Sometimes what starts as a misconception or a mere assumption makes its way into the public consciousness as fact simply because it makes sense on the surface. There are no statistics to back up the myth that suicides spike around the holidays, but the myth persists. However, this is not the case with motorcycles. They are more dangerous than cars, and we have the numbers to prove it:
- Per miles traveled, motorcycle related deaths were almost 28 times higher than car related deaths in 2016.
- 2013 saw 4,381 motorcycle fatalities total.
- 2017 saw 5,172 motorcyclist fatalities.
- Only nineteen states, and D.C., enforce helmet laws.
- Motorcycles are an anomaly in insurance statistics in that motorcyclists over 50 now make up the bulk of fatal accidents, at nearly 40 percent. This is in stark contrast to car accidents, where younger drivers are seen as the most high-risk drivers.
- New safety features aren't a major priority for motorcycle companies or their customers, given the inherent dangers of driving without a protective metal cage around you.
In short, yes, your motorcycle insurance provider does see motorcycles as high-risk — and with good cause.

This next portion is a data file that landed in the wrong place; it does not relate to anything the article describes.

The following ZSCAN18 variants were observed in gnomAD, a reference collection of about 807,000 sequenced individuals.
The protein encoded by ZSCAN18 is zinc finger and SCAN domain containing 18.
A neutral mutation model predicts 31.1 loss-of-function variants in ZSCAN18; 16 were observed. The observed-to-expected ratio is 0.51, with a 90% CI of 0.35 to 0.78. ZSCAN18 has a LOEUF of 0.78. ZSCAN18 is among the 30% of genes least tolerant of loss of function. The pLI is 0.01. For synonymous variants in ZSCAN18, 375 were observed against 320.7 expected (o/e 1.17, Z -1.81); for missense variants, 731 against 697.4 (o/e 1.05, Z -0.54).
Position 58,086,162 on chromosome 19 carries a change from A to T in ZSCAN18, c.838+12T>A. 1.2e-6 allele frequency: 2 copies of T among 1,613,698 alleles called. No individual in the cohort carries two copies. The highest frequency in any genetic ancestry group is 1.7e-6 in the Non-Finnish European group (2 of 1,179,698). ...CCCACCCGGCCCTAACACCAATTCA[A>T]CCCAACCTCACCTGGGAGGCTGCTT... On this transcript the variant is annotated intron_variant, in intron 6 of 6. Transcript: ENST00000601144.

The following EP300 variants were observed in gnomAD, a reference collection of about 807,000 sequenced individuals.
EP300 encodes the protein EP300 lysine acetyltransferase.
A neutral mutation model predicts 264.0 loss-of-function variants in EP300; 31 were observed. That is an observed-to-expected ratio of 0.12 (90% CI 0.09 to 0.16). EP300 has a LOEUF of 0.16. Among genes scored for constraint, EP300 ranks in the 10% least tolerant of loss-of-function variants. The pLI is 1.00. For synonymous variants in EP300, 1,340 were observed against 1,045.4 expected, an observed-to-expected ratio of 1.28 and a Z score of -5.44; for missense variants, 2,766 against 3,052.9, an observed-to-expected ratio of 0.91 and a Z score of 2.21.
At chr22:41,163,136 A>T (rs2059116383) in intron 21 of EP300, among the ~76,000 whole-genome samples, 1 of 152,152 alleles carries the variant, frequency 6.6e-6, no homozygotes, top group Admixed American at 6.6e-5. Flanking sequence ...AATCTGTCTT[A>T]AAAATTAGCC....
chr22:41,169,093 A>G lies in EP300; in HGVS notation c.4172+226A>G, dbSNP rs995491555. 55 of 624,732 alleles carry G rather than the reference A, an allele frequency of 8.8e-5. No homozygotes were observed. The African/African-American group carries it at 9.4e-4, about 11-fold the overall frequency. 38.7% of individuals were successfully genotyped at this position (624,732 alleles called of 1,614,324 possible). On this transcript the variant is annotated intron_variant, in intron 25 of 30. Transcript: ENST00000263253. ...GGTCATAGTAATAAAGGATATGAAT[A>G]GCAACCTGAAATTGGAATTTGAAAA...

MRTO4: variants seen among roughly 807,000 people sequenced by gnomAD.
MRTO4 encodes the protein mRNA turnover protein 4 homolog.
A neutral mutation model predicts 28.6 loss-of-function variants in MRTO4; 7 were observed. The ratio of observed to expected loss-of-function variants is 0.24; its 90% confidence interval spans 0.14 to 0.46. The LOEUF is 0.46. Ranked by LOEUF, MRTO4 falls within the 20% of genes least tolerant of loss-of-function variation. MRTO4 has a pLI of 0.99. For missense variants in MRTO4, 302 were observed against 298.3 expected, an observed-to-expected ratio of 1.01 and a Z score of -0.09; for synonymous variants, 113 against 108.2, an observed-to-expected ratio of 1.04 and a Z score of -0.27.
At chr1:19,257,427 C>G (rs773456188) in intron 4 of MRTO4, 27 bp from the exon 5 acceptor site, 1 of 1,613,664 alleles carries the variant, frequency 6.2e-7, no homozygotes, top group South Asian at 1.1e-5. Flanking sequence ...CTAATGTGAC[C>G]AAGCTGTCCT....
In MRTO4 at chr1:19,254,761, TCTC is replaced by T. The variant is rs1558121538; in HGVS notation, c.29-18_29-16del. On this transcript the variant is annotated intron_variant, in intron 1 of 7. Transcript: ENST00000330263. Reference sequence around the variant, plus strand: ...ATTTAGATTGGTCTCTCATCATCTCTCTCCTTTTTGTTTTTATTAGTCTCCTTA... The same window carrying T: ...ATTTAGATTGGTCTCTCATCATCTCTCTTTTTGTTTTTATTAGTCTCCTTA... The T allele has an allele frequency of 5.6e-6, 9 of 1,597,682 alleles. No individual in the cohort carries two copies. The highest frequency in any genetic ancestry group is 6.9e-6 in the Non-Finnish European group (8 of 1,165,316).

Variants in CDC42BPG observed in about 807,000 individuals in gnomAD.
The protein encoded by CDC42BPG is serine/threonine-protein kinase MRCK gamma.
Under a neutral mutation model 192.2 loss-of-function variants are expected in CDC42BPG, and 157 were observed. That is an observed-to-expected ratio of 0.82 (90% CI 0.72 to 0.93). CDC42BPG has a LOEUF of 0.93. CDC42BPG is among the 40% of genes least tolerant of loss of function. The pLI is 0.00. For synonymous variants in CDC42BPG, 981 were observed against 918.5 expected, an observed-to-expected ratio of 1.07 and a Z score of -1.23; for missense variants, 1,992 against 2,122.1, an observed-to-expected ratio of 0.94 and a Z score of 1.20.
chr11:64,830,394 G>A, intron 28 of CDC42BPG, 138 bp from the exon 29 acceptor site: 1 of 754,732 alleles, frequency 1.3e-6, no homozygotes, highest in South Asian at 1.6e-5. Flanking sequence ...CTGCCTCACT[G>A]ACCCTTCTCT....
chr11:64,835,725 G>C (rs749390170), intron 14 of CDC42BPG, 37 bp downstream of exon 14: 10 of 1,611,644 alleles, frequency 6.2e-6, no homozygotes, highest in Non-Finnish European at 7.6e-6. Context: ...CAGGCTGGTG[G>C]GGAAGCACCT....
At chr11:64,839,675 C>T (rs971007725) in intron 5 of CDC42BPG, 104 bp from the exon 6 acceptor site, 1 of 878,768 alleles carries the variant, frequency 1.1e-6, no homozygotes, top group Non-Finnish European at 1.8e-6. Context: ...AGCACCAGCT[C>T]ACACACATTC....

Of course, you're going to be graded on a scale, just as in any other area of insurance. If you have a clean record, if you have very few accidents, or if you don't have any run-ins with the law, then you're likely going to be given a better deal than the next rider. But your insurer is going to give you a rate that reflects the inherent dangers of riding a motorcycle.
Comprehensive and collision coverage may be a little cheaper than car insurance given that motorcycles cost less than four-wheeled autos. However, liability is the big concern when it comes to insurance. So, you should expect your motorcycle insurance rates to be determined in light of the higher liability associated with riding on highways and city streets on two wheels.